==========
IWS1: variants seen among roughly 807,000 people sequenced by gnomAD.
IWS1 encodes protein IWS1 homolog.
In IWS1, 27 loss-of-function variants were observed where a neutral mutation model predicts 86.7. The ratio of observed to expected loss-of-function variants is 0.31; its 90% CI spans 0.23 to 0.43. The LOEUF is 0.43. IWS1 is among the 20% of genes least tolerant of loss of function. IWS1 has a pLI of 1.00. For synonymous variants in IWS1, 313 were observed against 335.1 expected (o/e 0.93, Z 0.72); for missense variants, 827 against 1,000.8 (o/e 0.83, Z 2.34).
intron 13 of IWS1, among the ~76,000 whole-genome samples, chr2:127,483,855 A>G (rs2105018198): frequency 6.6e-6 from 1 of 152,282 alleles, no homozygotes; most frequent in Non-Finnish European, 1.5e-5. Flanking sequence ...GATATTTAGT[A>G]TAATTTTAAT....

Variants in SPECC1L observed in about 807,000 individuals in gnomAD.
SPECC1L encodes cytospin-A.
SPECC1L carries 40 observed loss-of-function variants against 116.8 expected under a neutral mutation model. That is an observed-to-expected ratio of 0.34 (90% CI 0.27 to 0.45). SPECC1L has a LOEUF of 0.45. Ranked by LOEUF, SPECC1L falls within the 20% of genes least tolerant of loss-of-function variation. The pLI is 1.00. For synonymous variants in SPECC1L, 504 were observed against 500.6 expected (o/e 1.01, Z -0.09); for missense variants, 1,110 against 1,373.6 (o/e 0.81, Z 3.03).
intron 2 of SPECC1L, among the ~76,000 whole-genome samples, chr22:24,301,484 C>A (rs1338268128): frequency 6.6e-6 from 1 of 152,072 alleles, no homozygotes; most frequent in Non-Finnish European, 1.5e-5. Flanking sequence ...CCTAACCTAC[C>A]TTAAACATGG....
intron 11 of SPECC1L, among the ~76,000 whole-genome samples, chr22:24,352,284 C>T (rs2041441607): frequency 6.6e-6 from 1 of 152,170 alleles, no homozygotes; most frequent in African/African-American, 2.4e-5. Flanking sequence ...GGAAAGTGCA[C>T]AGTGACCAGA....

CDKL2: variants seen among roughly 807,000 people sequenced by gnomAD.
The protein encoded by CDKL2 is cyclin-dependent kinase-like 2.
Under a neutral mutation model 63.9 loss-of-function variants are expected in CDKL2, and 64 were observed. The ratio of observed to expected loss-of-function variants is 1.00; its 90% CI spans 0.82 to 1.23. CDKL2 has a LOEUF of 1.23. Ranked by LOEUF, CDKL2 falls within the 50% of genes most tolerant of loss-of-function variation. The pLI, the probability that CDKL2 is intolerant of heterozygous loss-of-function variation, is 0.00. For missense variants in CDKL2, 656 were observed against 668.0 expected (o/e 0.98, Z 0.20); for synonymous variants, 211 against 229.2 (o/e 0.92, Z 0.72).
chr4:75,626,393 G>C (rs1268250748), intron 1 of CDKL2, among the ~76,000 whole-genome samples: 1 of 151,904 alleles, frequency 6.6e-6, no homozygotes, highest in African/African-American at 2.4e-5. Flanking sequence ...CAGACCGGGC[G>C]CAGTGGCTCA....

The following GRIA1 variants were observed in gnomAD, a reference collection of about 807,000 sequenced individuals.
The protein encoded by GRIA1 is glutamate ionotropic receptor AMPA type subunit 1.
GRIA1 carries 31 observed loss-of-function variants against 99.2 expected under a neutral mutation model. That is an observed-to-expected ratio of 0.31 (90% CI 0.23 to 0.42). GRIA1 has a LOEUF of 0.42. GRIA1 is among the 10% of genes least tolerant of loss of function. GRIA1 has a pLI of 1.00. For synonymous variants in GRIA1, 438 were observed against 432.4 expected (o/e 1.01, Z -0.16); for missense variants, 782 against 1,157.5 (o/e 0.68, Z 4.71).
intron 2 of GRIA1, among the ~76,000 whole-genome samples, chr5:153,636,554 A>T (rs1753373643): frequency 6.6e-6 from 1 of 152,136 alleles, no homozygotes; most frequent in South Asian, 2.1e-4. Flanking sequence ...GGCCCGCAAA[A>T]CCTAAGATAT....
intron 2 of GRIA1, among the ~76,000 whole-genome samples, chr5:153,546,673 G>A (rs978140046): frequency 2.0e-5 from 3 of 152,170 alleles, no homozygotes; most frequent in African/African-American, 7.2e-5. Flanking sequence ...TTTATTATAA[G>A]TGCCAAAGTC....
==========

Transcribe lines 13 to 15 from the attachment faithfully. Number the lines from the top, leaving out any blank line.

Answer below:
chr4:75,626,393 G>C (rs1268250748), intron 1 of CDKL2, among the ~76,000 whole-genome samples: 1 of 151,904 alleles, frequency 6.6e-6, no homozygotes, highest in African/African-American at 2.4e-5. Flanking sequence ...CAGACCGGGC[G>C]CAGTGGCTCA....

The following GRIA1 variants were observed in gnomAD, a reference collection of about 807,000 sequenced individuals.
The protein encoded by GRIA1 is glutamate ionotropic receptor AMPA type subunit 1.